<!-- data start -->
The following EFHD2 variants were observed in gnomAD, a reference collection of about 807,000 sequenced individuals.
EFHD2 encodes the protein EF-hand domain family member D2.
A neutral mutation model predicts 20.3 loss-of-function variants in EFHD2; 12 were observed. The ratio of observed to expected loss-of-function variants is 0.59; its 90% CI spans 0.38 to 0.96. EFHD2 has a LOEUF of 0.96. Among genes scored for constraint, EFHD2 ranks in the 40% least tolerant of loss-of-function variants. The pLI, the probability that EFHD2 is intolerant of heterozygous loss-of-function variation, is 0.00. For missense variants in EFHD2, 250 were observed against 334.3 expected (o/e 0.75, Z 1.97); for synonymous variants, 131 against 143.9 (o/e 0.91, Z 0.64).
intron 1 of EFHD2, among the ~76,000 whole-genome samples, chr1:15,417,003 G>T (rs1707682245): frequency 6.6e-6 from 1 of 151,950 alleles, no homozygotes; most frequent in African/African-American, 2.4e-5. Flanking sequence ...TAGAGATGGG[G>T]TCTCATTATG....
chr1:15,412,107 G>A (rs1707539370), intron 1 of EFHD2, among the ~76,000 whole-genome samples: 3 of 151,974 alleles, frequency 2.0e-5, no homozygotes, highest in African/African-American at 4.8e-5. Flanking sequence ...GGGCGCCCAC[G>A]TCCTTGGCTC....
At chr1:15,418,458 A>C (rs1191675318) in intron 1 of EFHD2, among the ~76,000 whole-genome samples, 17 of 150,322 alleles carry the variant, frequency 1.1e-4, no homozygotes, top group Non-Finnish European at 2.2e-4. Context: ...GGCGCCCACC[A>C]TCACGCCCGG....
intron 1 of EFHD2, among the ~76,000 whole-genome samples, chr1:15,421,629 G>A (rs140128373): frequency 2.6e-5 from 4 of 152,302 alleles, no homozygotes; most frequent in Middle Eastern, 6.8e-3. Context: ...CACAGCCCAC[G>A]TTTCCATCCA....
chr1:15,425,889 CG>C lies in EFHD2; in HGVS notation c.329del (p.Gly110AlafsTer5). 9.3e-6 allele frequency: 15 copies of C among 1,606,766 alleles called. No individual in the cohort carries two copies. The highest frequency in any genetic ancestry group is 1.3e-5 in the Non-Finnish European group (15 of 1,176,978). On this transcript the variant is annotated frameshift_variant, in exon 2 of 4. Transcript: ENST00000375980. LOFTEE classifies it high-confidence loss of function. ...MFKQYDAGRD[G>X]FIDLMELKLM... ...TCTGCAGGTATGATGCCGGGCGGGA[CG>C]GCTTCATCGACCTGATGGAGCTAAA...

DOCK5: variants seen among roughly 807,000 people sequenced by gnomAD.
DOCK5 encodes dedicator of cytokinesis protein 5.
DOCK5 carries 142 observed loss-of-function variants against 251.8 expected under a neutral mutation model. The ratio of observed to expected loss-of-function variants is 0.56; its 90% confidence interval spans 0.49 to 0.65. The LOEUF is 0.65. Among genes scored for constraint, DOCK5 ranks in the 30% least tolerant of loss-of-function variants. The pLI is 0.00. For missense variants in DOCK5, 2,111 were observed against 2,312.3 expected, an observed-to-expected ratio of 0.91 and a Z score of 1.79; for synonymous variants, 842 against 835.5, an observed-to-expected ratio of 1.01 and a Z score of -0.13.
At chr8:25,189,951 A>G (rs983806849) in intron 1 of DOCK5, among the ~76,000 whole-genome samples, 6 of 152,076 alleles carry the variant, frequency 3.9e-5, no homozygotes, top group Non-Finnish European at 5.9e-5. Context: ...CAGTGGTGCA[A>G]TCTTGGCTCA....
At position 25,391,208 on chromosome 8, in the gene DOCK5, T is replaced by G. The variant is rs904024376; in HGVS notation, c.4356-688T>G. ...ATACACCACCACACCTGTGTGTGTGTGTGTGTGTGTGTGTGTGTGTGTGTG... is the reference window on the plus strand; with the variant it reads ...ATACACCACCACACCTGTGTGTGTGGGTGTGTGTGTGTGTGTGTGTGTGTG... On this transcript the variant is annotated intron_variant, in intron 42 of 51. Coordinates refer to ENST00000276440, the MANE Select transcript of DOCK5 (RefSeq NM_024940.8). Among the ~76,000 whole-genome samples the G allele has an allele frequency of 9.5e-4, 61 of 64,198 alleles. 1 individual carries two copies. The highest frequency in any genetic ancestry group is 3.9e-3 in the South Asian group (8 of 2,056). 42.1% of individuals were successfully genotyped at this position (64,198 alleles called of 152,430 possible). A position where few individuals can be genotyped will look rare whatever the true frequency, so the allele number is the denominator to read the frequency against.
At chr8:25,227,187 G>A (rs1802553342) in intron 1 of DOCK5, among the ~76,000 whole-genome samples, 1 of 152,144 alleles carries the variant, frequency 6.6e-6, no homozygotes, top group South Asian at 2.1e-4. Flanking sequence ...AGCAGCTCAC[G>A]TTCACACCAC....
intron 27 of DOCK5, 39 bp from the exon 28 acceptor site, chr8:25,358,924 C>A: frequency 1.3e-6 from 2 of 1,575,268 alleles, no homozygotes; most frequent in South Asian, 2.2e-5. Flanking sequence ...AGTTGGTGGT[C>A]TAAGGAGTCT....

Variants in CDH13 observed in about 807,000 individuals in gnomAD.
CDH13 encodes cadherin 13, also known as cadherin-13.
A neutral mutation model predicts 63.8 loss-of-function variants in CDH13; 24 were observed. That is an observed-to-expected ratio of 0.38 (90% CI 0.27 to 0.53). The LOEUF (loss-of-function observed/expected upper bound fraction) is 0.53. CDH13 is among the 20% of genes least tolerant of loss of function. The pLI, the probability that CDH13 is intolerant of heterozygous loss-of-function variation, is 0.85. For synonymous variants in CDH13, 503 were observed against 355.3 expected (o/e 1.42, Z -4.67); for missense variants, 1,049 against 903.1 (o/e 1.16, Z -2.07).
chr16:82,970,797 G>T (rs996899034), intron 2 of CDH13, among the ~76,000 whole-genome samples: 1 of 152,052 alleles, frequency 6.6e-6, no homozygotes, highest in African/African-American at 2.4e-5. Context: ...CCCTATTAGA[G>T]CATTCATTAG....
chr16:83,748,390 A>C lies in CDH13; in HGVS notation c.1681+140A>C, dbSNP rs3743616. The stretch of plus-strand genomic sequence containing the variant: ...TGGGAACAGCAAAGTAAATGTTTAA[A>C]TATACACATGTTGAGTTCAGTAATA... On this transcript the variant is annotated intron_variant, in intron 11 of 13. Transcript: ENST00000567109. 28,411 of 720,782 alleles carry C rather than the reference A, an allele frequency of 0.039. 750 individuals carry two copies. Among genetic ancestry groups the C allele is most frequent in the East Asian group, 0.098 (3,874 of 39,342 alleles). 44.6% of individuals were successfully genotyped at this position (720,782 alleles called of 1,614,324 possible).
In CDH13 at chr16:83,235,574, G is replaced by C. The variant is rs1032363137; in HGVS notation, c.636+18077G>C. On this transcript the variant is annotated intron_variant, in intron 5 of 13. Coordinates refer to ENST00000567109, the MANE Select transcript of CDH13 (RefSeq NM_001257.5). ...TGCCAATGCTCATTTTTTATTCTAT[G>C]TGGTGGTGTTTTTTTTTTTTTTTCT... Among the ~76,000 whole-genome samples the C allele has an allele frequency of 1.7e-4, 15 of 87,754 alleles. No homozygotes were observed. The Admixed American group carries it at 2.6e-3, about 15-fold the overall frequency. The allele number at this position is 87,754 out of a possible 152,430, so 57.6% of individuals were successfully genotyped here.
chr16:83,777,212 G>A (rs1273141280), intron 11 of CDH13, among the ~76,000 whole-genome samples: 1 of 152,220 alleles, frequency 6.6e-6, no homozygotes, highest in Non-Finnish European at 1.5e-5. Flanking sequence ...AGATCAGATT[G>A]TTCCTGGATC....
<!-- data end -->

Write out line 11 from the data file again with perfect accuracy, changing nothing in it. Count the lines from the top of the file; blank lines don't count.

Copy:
DOCK5 carries 142 observed loss-of-function variants against 251.8 expected under a neutral mutation model. The ratio of observed to expected loss-of-function variants is 0.56; its 90% confidence interval spans 0.49 to 0.65. The LOEUF is 0.65. Among genes scored for constraint, DOCK5 ranks in the 30% least tolerant of loss-of-function variants. The pLI is 0.00. For missense variants in DOCK5, 2,111 were observed against 2,312.3 expected, an observed-to-expected ratio of 0.91 and a Z score of 1.79; for synonymous variants, 842 against 835.5, an observed-to-expected ratio of 1.01 and a Z score of -0.13.